However, chemoradiation generally only treats cancer that has spread to organs near the pancreas, not more distant organs, such as the lungs or liver.

Radiation therapy can also help shrink tumors before or after surgery.

Palliative surgery

While surgery cannot cure stage 4 pancreatic cancer, certain procedures can help relieve symptoms. Examples of these surgeries include:

Bile duct stent or bypass

Bile breaks down fats in the digestive system. A buildup of bile due to a blockage can lead to jaundice and a loss of appetite.

When a tumor is blocking a bile duct, a surgeon may use a stent or bypass to help restore the flow of bile.

A bypass involves the surgeon connecting the duct to the small intestine so that the bile can flow around the blockage.

Alternately, the surgeon may insert a small tube, a stent, into the duct to keep it open and prevent a buildup of bile. They may eventually need to replace the stent if the tumor grows and blocks it.

Gastric bypass surgery

A tumor can prevent food from passing through the stomach and into the intestines. Doctors call this a gastric outlet obstruction.

In response, a surgeon can often connect the stomach to the intestine in a different way, forming a bypass.


Stage 4 cancerous tumors can cause pain and discomfort. A doctor may prescribe pain relief medications, such as opioid analgesics and other drugs that block signals to the nerves.

To help the person cope with the emotional effects of having terminal cancer, the doctor may also recommend:

Emotional support

Receiving a diagnosis of stage 4 cancer can be distressing and overwhelming. It is normal to experience a range of emotions, such as anger, fear, and grief. Some people also experience anxiety, depression, and difficulty sleeping.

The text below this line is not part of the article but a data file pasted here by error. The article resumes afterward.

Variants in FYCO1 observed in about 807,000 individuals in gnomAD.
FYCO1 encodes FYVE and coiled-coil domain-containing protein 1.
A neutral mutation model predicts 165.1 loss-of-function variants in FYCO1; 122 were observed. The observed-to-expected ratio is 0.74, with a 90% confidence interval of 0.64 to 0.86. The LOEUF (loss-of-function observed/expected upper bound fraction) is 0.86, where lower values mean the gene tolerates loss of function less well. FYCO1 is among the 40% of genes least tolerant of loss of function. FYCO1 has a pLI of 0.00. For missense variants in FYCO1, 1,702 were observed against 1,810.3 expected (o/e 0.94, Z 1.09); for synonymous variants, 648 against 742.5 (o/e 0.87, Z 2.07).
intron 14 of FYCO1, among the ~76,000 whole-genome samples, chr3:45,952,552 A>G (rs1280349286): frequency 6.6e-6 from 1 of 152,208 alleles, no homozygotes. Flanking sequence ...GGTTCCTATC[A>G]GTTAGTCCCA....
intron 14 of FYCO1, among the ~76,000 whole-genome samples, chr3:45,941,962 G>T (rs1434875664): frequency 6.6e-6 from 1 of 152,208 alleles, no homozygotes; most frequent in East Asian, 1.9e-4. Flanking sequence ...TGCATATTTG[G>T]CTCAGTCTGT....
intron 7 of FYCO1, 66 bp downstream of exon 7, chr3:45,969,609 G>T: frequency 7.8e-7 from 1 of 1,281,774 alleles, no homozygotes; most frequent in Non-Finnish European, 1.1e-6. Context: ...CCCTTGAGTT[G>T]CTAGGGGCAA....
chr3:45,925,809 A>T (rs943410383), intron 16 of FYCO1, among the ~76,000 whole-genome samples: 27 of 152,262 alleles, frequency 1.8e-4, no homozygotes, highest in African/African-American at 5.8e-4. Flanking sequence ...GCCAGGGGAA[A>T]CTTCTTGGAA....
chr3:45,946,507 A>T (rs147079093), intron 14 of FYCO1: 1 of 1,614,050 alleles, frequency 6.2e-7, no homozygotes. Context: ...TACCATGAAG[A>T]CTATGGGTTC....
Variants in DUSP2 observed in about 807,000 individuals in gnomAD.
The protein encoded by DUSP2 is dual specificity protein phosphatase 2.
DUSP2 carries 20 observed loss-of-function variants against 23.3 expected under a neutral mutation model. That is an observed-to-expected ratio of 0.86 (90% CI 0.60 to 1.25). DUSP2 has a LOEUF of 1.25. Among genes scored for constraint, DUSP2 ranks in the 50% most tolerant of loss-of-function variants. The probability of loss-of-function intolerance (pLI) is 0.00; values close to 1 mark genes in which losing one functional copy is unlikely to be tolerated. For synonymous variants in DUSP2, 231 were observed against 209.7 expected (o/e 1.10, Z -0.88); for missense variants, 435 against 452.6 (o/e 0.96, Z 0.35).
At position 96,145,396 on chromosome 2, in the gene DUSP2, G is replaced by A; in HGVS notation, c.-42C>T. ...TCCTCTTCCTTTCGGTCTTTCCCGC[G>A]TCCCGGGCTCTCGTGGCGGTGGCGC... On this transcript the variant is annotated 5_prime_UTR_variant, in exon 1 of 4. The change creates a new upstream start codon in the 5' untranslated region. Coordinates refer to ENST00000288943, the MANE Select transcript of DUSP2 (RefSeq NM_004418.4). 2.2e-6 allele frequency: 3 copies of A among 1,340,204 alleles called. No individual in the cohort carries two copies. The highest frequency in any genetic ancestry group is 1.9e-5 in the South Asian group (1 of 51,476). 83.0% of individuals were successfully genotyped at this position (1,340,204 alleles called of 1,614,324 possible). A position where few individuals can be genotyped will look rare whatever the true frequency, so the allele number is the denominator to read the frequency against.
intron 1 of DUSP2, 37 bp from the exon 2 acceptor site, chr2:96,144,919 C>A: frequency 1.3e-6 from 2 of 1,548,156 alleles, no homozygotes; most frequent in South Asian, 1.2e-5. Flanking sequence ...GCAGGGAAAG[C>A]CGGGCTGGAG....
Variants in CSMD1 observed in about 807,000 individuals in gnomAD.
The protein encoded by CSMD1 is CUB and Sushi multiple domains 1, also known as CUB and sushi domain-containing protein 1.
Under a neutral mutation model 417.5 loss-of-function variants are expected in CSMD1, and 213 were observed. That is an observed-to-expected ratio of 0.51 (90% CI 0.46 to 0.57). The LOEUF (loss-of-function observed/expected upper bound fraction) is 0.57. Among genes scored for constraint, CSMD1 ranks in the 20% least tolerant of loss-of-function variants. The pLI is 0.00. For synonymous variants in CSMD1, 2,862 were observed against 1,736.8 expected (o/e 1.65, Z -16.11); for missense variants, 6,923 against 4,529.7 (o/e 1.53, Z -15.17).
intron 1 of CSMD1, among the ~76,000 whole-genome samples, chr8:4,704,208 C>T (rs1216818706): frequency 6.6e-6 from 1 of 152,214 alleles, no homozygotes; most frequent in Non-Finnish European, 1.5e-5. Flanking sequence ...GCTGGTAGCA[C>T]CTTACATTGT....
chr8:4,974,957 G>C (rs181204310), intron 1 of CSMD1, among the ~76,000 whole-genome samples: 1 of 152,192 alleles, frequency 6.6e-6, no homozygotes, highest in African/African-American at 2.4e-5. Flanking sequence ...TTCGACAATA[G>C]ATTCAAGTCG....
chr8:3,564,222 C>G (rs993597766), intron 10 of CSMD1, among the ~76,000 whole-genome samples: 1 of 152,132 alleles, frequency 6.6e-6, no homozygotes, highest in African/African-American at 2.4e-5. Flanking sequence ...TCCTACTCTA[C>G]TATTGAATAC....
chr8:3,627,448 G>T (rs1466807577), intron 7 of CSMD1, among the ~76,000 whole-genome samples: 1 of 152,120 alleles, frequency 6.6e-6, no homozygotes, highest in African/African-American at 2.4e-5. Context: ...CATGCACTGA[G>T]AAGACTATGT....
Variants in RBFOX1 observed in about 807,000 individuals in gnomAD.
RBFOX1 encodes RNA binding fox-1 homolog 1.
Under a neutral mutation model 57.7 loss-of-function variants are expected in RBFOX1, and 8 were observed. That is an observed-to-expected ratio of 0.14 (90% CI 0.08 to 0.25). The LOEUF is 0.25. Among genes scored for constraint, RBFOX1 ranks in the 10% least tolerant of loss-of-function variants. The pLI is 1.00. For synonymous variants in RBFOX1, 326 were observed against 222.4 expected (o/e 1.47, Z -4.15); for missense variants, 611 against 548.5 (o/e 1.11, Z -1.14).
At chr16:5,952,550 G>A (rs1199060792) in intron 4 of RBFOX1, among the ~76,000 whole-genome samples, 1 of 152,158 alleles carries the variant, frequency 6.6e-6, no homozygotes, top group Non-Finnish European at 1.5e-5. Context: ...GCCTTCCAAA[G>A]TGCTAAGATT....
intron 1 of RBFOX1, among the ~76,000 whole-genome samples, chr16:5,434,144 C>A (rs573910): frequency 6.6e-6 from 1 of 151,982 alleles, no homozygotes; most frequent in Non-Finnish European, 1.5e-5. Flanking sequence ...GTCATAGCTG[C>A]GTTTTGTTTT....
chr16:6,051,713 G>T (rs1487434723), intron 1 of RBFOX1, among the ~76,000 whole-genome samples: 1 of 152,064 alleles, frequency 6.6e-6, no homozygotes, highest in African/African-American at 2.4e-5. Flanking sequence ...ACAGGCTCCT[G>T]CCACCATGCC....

Many people find that joining a support network of others with the same or similar experiences can help them manage day to day.

People can visit the website of The National Pancreas Foundation for information about joining pancreatic cancer support groups.

In addition, the American Cancer Society offer local programs, services, and community events throughout the U.S.

People can also access support and advice from the National Cancer Institute and the Pancreatic Cancer Action Network.

Other forms of emotional support can also help. They might include:

  • talking to supportive friends and family members
  • seeing a therapist to work through the emotions and learn coping skills
  • learning about pancreatic cancer and a stage 4 diagnosis
  • practicing relaxation techniques, if possible, such as meditation, creative therapies, and yoga
  • exercising, under a doctor’s guidance
  • discussing medical treatment options with one or more doctors

Survival rates are estimates of how long a person may live after receiving a certain cancer diagnosis. All survival rates are estimates — a person’s outlook really depends on factors unique to them.

According to the American Cancer Society, when pancreatic cancer has spread to distant organs, the 5-year survival rate is approximately 3%.

However, a person’s age, overall health, and other factors can contribute to their outlook. A doctor will take all of these into consideration and make informed recommendations.

Survival rates for pancreatic cancer are improving with developments in treatment. Between 2014 and 2020, the 5-year survival rates for all stages of pancreatic cancer increased from 6% to 10%. Researchers continue to work on improving treatments for this disease.

Stage 4 pancreatic cancer has spread beyond the pancreas and into other organs.

Doctors are not able to cure the cancer at this stage, and treatments aim to improve the person’s quality of life, relieve their symptoms, and prolong their life. Many specific factors, including age and general health, play a role in a person’s outlook.

Many people with stage 4 pancreatic cancer and their loved ones benefit from support provided by family, friends, healthcare professionals, cancer organizations, and local or national support groups.